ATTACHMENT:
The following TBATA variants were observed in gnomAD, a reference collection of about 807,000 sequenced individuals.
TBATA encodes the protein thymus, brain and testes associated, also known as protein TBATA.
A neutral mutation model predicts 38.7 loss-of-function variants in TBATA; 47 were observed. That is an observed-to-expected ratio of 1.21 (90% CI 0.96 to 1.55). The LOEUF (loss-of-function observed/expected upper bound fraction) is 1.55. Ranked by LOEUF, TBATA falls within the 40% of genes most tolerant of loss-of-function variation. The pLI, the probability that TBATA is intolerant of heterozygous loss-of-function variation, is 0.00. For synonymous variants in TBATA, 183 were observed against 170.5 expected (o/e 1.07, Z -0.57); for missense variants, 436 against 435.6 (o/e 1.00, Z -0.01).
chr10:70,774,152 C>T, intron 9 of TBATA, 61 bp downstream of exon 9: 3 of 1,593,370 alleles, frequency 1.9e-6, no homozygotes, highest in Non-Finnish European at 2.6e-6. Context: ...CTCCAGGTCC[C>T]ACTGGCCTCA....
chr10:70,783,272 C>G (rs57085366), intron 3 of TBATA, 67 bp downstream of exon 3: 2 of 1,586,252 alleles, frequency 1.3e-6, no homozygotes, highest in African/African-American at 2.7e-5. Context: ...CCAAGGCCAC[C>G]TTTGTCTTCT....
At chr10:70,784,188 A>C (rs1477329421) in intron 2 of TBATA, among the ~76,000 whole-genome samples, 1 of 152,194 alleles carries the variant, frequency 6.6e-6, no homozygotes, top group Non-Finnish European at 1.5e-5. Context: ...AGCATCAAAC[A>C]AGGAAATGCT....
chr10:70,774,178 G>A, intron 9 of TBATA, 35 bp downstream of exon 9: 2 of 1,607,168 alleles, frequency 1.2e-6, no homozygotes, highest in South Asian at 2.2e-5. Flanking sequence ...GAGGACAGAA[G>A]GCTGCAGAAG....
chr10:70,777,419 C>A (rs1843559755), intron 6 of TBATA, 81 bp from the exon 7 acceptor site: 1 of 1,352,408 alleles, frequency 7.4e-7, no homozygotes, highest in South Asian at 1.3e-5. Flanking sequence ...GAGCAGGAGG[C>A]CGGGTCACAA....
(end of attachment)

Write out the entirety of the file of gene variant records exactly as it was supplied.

The following TBATA variants were observed in gnomAD, a reference collection of about 807,000 sequenced individuals.
TBATA encodes the protein thymus, brain and testes associated, also known as protein TBATA.
A neutral mutation model predicts 38.7 loss-of-function variants in TBATA; 47 were observed. That is an observed-to-expected ratio of 1.21 (90% CI 0.96 to 1.55). The LOEUF (loss-of-function observed/expected upper bound fraction) is 1.55. Ranked by LOEUF, TBATA falls within the 40% of genes most tolerant of loss-of-function variation. The pLI, the probability that TBATA is intolerant of heterozygous loss-of-function variation, is 0.00. For synonymous variants in TBATA, 183 were observed against 170.5 expected (o/e 1.07, Z -0.57); for missense variants, 436 against 435.6 (o/e 1.00, Z -0.01).
chr10:70,774,152 C>T, intron 9 of TBATA, 61 bp downstream of exon 9: 3 of 1,593,370 alleles, frequency 1.9e-6, no homozygotes, highest in Non-Finnish European at 2.6e-6. Context: ...CTCCAGGTCC[C>T]ACTGGCCTCA....
chr10:70,783,272 C>G (rs57085366), intron 3 of TBATA, 67 bp downstream of exon 3: 2 of 1,586,252 alleles, frequency 1.3e-6, no homozygotes, highest in African/African-American at 2.7e-5. Context: ...CCAAGGCCAC[C>G]TTTGTCTTCT....
At chr10:70,784,188 A>C (rs1477329421) in intron 2 of TBATA, among the ~76,000 whole-genome samples, 1 of 152,194 alleles carries the variant, frequency 6.6e-6, no homozygotes, top group Non-Finnish European at 1.5e-5. Context: ...AGCATCAAAC[A>C]AGGAAATGCT....
chr10:70,774,178 G>A, intron 9 of TBATA, 35 bp downstream of exon 9: 2 of 1,607,168 alleles, frequency 1.2e-6, no homozygotes, highest in South Asian at 2.2e-5. Flanking sequence ...GAGGACAGAA[G>A]GCTGCAGAAG....
chr10:70,777,419 C>A (rs1843559755), intron 6 of TBATA, 81 bp from the exon 7 acceptor site: 1 of 1,352,408 alleles, frequency 7.4e-7, no homozygotes, highest in South Asian at 1.3e-5. Flanking sequence ...GAGCAGGAGG[C>A]CGGGTCACAA....